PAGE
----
To find out more about using vocabulary and teaching to the common core visit my site at: http://teacherslearningconnection.com/courses/ccss-reading.html. You can sign up for my course ELA 925 Reading: Common Core and Curriculum mapping at: http://ce.fresno.edu/cpd/courses/coursedetails.aspx?courseCode=ELA-925.
My goal for this year is to drastically reduce the number of copies I make. Not for environmental purposes, although important to me, but simply because copies are not necessary. Under the Common Core State Standards students will be expected to be in charge of their own learning with the teacher acting as the facilitator. This listening center book report idea is one way teachers can slowly teach students to become responsible for creating their own response to reading; another big CCSS standard.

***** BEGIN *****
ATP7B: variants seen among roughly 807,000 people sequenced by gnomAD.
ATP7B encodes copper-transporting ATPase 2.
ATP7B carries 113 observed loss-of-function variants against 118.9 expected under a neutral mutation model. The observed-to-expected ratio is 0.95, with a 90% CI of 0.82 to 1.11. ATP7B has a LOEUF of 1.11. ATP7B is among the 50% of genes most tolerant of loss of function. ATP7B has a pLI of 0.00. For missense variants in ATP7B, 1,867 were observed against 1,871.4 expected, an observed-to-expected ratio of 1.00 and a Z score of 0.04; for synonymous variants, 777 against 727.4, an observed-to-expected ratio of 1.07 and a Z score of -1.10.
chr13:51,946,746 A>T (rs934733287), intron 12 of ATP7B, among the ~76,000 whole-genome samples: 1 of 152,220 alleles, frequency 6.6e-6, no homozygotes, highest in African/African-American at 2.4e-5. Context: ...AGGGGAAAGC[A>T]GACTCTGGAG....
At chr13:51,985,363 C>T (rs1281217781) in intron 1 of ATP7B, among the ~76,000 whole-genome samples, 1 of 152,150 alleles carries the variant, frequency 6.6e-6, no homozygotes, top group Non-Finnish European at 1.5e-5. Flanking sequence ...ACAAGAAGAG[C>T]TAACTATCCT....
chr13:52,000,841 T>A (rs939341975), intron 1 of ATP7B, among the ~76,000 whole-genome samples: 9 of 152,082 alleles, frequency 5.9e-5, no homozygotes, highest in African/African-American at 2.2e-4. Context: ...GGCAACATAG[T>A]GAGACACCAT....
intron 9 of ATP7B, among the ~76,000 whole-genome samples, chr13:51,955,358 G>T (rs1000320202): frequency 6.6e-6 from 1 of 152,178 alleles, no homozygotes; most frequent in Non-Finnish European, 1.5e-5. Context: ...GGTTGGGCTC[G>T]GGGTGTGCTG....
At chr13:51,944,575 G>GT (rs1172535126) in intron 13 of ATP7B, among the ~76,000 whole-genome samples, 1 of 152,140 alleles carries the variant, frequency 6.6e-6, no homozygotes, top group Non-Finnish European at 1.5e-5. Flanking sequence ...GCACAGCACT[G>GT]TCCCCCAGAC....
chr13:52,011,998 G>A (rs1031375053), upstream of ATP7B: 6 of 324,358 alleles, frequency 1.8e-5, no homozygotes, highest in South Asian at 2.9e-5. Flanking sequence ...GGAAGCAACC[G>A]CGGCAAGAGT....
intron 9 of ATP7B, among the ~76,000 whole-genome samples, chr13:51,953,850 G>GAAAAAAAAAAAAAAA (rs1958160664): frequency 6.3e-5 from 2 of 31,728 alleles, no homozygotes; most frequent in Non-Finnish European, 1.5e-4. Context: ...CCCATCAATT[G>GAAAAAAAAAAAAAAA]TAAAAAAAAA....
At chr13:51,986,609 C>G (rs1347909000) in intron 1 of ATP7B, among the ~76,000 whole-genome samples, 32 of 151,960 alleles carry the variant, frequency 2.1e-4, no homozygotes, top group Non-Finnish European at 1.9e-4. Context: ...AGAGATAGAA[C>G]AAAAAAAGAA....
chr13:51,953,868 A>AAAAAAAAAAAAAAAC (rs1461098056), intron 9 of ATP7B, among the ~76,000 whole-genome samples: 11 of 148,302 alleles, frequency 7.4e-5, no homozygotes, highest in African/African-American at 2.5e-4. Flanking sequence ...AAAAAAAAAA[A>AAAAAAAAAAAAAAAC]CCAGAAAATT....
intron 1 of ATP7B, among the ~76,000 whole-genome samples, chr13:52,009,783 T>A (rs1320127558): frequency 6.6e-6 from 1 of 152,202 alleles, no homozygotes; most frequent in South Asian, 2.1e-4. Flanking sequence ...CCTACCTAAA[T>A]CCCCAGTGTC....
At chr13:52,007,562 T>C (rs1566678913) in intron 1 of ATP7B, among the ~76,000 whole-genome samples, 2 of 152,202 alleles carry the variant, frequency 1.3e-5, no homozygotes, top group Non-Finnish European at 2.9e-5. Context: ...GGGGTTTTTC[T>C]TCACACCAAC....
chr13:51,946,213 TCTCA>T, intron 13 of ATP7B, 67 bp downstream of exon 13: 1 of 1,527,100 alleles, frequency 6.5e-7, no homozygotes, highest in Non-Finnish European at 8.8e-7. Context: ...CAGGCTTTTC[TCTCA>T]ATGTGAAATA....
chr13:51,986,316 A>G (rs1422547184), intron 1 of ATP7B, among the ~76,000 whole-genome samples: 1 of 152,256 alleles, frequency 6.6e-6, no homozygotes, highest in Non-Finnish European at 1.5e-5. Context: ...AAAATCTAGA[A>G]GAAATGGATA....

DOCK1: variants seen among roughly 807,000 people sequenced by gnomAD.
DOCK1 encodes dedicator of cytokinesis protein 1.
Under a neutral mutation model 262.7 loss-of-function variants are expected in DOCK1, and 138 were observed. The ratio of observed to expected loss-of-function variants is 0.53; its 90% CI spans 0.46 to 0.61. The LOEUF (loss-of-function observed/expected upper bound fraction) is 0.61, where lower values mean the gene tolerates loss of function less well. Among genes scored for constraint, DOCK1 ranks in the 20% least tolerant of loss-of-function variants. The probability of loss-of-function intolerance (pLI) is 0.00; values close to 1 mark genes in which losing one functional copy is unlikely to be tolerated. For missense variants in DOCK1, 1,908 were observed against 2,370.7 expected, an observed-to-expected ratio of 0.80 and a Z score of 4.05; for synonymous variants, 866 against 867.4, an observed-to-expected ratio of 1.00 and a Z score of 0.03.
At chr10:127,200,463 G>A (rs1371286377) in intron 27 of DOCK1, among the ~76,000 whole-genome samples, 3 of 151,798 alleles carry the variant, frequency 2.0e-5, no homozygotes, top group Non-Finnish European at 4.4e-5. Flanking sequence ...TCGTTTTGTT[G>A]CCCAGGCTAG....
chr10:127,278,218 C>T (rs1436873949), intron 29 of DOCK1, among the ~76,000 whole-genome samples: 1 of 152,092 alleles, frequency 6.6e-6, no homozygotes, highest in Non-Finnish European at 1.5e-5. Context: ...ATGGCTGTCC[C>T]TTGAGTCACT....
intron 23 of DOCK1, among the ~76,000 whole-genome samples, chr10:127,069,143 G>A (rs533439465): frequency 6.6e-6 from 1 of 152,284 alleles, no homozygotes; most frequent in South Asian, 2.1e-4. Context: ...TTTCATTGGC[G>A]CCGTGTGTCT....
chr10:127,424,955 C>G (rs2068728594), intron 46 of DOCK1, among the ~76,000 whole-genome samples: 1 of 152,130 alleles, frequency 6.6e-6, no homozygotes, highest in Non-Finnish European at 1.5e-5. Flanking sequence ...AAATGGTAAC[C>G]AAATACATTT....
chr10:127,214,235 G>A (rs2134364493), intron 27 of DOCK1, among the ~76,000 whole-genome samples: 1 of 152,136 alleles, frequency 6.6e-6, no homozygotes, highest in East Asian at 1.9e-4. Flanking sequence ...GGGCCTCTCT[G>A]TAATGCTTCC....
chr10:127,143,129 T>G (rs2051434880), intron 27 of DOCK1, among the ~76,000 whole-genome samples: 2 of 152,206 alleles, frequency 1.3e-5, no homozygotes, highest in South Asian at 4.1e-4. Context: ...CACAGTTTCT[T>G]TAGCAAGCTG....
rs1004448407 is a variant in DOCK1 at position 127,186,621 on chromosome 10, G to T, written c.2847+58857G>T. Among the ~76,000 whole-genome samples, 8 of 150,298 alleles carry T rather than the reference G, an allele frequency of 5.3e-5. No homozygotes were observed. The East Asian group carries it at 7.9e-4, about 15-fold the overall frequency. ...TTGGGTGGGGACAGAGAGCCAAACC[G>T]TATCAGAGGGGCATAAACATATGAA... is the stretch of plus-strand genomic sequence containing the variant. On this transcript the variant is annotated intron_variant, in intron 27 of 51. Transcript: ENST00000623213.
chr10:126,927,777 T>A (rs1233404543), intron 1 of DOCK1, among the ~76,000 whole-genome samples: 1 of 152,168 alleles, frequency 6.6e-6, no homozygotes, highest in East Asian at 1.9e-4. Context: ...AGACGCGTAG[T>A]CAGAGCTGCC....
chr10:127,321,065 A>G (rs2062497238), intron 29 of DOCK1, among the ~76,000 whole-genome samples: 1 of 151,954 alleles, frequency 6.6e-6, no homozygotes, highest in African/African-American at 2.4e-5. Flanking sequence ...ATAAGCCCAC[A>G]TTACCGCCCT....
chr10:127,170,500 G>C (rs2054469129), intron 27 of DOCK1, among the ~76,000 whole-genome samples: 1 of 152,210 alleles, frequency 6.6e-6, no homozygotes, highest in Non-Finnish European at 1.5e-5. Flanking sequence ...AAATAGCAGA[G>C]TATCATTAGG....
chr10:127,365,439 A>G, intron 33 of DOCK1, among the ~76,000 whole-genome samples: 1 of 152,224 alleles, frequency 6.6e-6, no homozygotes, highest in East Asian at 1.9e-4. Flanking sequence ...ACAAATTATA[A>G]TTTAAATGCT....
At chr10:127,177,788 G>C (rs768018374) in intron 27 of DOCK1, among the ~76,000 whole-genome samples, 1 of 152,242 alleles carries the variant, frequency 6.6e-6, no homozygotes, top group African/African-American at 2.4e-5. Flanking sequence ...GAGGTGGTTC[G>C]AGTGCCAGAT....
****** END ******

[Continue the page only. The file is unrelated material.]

Imagine doing a listening center without copying class sets of book report pages each week; a practice I have done for years. What if instead we used journals for the students to write their responses? I plan on giving students a sample of what is expected during the first month of school. Through this activity, I will train students to become more independent at writing their own responses to literature. I decided to simply use a chart paper to write directions for responding to the book they hear. I will change the responses out with each new book. As the year progresses I will provide less support.
For the "picture" area I can use sentence strips to ask the students to draw things like: Draw the front cover/back cover/title page of the book. Draw your favorite part of the book. Draw the characters in the book.